After waiting some time, I began to mimic what I saw around me, flowing nervously through a few Sun Salutes, when the teacher walked in.  She was stunning. Her hair pulled into a tight bun.  A clear presence, almost felt through the door.  She called the room to order with a staccato “Samasthiti (som-ass-thit-teehee)” and the practitioners all abruptly stopped whatever they were doing to come to stand at the top of the mat.  I scrambled to the top of mine, bringing my hands into prayer and closing my eyes, occasionally peeking out of one lid to make sure I was doing it correctly.  As I briefly scanned the room that was so full of life just seconds before, now the collective stillness hung in the air, louder and more beautiful than any sound. We chanted the traditional Ashtanga invocation call and response, fumbling through words that were harder to pronounce than some postures are to do.  And as soon as we hit our final “om”, everyone went right back to what they were doing, one of the unspoken rules I ached to now learn.

I started up my flow again and the teacher came right towards me like a laser and asked me to step outside. Was I already in trouble? I did not even know the rules, yet apparently, I had broken them.  Once we stepped back into the lobby the cool air hit my face, the echoed silence felt empty and I could already feel myself jonesing to get back inside, to keep going. The teacher proceeded to explain the Mysore room to me.  She was brisk, yet eloquent.  Beautiful, yet strict.  Small, but strong. I found myself not only wanting to learn the poses, but in many ways wanting to be this woman.  She explained the rules of the system. It was a memorized sequence. I had to be “taken through”.  That it was a 6 day a week commitment. Could I commit to that? I fumbled anxiously, my mother was dying at home, I was in the middle of teacher training and had literally walked out of my high-intensity job the week prior. Before my brain could comprehend the scope of what I was agreeing to I said “yes, I can be here at least 4 times a week.” That seemed to satisfy her and she took me back in the room.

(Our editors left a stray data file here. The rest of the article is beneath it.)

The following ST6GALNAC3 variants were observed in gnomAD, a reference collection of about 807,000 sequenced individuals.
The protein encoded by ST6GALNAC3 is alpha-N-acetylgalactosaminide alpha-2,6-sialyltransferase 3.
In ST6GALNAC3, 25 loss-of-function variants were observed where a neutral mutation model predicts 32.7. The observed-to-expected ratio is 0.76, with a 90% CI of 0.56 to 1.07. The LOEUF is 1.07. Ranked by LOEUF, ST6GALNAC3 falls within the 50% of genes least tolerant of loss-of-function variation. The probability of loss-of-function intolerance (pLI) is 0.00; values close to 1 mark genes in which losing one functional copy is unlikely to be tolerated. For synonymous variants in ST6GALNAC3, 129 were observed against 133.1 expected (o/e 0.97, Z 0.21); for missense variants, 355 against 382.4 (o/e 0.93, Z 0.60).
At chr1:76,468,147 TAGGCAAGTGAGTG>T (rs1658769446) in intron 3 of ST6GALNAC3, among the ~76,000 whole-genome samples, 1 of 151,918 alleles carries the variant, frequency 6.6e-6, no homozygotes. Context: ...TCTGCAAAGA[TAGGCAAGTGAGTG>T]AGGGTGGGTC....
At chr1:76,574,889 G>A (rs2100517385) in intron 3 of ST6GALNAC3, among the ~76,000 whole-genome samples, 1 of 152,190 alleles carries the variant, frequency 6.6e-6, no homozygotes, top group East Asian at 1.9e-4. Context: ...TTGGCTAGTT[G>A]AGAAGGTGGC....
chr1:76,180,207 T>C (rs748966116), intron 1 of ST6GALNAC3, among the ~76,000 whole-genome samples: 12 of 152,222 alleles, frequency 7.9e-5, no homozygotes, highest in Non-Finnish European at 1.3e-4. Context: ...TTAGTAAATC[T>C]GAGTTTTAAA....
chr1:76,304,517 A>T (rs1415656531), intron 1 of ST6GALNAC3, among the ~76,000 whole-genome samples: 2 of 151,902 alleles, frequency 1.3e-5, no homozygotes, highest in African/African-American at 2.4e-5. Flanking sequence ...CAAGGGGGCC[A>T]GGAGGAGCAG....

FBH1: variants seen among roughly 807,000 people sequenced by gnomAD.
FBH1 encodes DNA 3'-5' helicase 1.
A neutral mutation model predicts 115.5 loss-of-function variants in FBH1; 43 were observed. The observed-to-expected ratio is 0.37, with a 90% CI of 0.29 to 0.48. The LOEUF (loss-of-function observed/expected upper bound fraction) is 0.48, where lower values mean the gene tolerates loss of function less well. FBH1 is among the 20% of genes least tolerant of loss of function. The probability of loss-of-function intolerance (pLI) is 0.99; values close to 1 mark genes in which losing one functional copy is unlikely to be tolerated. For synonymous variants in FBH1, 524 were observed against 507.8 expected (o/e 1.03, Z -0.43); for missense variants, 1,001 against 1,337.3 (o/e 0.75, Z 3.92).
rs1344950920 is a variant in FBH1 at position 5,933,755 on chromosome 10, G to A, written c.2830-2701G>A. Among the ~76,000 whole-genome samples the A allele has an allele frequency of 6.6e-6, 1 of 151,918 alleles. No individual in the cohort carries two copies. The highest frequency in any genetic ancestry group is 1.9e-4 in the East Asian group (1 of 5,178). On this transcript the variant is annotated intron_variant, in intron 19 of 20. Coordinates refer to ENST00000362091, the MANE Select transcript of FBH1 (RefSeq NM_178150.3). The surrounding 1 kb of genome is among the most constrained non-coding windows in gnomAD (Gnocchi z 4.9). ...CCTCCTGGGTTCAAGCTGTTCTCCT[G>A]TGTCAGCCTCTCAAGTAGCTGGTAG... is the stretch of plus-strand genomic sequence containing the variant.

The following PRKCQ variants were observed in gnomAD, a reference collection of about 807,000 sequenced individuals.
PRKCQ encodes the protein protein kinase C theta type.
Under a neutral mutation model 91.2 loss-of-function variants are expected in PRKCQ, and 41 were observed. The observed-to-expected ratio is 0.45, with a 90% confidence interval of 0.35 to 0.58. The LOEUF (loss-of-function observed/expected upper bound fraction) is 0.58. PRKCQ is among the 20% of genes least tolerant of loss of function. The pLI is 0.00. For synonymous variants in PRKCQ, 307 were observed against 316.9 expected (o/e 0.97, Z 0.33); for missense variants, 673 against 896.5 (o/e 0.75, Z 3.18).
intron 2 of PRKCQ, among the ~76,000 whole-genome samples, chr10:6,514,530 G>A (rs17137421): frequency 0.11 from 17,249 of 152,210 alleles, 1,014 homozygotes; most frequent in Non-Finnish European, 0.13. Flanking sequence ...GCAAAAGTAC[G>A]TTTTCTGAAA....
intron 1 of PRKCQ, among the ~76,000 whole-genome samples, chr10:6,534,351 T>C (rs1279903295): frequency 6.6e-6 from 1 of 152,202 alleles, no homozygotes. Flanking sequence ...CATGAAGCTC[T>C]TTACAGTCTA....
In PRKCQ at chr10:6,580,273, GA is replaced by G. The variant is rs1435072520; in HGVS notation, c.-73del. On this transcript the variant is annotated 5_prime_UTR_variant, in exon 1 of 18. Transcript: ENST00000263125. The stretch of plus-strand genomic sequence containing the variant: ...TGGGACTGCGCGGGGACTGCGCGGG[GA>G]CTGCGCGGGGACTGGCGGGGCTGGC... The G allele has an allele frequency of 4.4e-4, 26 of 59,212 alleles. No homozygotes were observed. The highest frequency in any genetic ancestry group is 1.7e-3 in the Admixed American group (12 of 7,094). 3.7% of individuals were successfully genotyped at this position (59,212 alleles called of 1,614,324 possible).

It began as curiosity, but quickly became an addiction.  The reward system feeding into my egoic need for approval and accolades. For the first couple of years of my practice, I was “given poses” quite regularly. Making my way quickly through the entire first series and almost 1/2 of second series, before the fateful day where I got stuck. The leg behind the head poses are introduced in second series and dominate much of third series.  While my hips are flexible in some directions, I struggled to slip my leg behind my back easily and was stopped at Foot Behind the Head (Eka Pada Sirsasana).  This pose is done seated. The practitioner taking their leg behind their head and around their upper shoulders, while working to keep upright, with the opposite leg straight out in front.  I may not have gotten stuck here if I had stayed consistently with the same teacher, as a few years in, I moved East and out of Westside of L.A.. Moving shalas, as well.  Or maybe I would have still gotten stuck and my ego needs to think that to feel better.